Smudging by burning sage is an ancient healing practice of the Cree and Ojibway peoples of the plains. Sage is often burned to start a ceremony or to mark a significant moment, in this case, the sharing of knowledge and news about our journey at the Peguis Treaty Land Entitlement Trust. 

Tawow pihtikweh (Cree), Pintigen (Ojibwe),  Welcome. 


Manitoba Enters Confederation in 1870 Prior to Treaty 1

The area of the Red River valley, specifically the area to the immediate north of Selkirk, Manitoba, which came to be known as the Parish of St. Peter’s was settled by aboriginal people long before the arrival of European immigrants. It was a thriving fishing and farming community which attracted various church missions and other immigrants. Chief Peguis had long standing recognized authority to officially allocate land to members and others, a practice which was affirmed and accepted by the Hudson’s Bay Company. This authority and practice was continued by the son of Chief Peguis, Chief Henry Prince and existed at the time of Treaty 1. Peguis “deeds”, as these titles were called, were issued, sold and traded among the area settlers, which included Indian, Metis and non-aboriginal individuals. However, the majority of the local residents were members of the Peguis Band.

When Manitoba was accepted into Confederation in 1870, none of the land in Manitoba was surrendered to the Crown by First Nations. It remained entirely subject to aboriginal title. In spite of this fact, the Manitoba Act affirmed the rights of settlers who occupied land, including the members of Peguis Band, the Metis and other persons occupying land by recognized Hudson’s Bay grant or other authority.

Reserve Land Entitlement Under Treaty 1

Under the written terms of Treaty 1 executed in 1871, the year after Manitoba entered Confederation, the Peguis First Nation was entitled to the allocation of land for its Reserve based on 160 acres for each family of five, or 32 acres per person. However, it was also expressly agreed that land already occupied and improved by the First Nation members was not to be included in the calculation of Treaty land entitlement.

Land held by First Nation members was then “private” land, not part of the First Nation Reserve for the purpose of calculation of its TLE. Unfortunately, there was some dispute about this Treaty right, as the right was not set out in writing in Treaty 1, but was stated in the oral assurances and explanations given to the First Nation by the Treaty Commissioners.

It wasn’t until recently that Canada agreed that lands held by individual members would not be counted in the calculation of commonly held Reserve.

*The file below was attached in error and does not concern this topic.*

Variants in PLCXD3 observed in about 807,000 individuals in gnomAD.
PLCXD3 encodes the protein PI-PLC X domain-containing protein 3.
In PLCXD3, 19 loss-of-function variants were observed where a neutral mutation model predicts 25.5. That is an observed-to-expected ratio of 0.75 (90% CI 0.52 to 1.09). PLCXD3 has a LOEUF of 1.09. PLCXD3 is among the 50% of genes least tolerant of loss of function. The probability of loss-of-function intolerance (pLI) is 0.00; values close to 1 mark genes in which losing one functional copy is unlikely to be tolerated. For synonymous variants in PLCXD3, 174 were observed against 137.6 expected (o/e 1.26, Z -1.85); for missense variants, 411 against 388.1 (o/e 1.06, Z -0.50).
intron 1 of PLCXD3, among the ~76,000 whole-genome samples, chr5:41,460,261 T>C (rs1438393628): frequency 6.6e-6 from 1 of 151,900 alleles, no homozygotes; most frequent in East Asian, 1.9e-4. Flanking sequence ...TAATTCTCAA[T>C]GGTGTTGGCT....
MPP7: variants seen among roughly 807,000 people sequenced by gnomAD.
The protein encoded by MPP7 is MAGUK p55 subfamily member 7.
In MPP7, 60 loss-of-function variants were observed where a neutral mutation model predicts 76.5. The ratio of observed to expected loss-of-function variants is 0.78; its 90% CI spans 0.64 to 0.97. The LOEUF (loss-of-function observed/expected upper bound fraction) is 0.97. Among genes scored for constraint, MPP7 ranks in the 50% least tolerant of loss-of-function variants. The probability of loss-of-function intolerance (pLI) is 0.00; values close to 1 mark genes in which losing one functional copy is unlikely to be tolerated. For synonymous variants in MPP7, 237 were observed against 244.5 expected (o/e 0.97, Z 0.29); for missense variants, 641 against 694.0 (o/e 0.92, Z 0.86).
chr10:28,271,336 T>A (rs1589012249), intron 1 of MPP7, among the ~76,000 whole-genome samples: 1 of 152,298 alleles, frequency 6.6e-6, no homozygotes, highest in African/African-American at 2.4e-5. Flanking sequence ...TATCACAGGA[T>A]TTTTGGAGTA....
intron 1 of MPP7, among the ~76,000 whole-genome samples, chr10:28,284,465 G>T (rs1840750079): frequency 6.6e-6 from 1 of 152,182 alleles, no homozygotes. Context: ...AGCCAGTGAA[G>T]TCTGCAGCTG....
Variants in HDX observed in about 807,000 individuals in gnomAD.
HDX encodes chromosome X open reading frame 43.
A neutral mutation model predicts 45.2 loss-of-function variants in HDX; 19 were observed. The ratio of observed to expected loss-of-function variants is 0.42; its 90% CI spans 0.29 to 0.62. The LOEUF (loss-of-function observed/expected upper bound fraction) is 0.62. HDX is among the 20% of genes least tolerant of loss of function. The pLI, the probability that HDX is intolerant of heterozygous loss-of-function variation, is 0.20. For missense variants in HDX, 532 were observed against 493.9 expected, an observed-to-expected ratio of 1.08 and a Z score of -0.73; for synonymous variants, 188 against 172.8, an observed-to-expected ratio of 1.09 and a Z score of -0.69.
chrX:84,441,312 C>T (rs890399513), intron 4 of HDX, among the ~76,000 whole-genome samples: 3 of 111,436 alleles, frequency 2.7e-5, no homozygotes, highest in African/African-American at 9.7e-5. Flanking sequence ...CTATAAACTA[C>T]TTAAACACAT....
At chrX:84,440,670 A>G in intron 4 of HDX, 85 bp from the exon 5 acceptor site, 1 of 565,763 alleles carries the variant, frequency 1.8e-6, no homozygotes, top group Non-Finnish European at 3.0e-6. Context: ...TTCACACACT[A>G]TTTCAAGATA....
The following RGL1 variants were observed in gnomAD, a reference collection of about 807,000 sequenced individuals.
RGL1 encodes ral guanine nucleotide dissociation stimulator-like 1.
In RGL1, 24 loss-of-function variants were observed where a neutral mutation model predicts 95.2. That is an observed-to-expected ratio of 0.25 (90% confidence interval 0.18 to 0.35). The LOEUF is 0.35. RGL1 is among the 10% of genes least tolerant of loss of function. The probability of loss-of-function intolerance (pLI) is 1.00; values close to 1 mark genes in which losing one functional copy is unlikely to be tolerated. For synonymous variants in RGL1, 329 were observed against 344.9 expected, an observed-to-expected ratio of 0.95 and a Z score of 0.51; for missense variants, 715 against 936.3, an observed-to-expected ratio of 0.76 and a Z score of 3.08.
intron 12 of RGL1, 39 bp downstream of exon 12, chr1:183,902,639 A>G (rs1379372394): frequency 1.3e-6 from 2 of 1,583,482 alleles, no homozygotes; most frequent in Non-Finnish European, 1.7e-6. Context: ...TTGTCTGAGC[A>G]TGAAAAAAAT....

The first Reserve surveyed for the First Nation was the St. Peter’s Reserve. This survey was commenced in 1873. At that time, Canada had not taken an accurate census of the First Nation’s population, and accordingly, due to the confusion about the status of privately held land and the lack of a proper population count at the time of first survey, the First Nation did not receive all of the land to which it was entitled under Treaty, even at that early date.

The calculation of the amount of TLE to which the First Nation was and will be entitled to was further complicated by disputes about exactly what land was in fact included in the St. Peter’s Reserve, and further what amount, if any, of the acreage of the Parish river lots surveyed was actually included in the Reserve. Further, the estimate about the amount of land in the Reserve made by the surveyor in 1874 was different from the estimate of later surveyors.

In addition, Treaty 1 expressly provided that the First Nation could select land for Reserve which encompassed land already occupied by “settlers”, settlers apparently including First Nation members who occupied land selected before the date of Treaty 1. Surveys of the Parish of St. Peter’s, containing the river lots occupied by Indian and non-Indian settlers and the balance of the common Reserve were completed, but Canada failed to clarify the status of the river lots and numerous disputes arose about who owned what land. At least two official commissions were undertaken by Canada and Manitoba to determine the claims of local individuals without resolving the competing claims.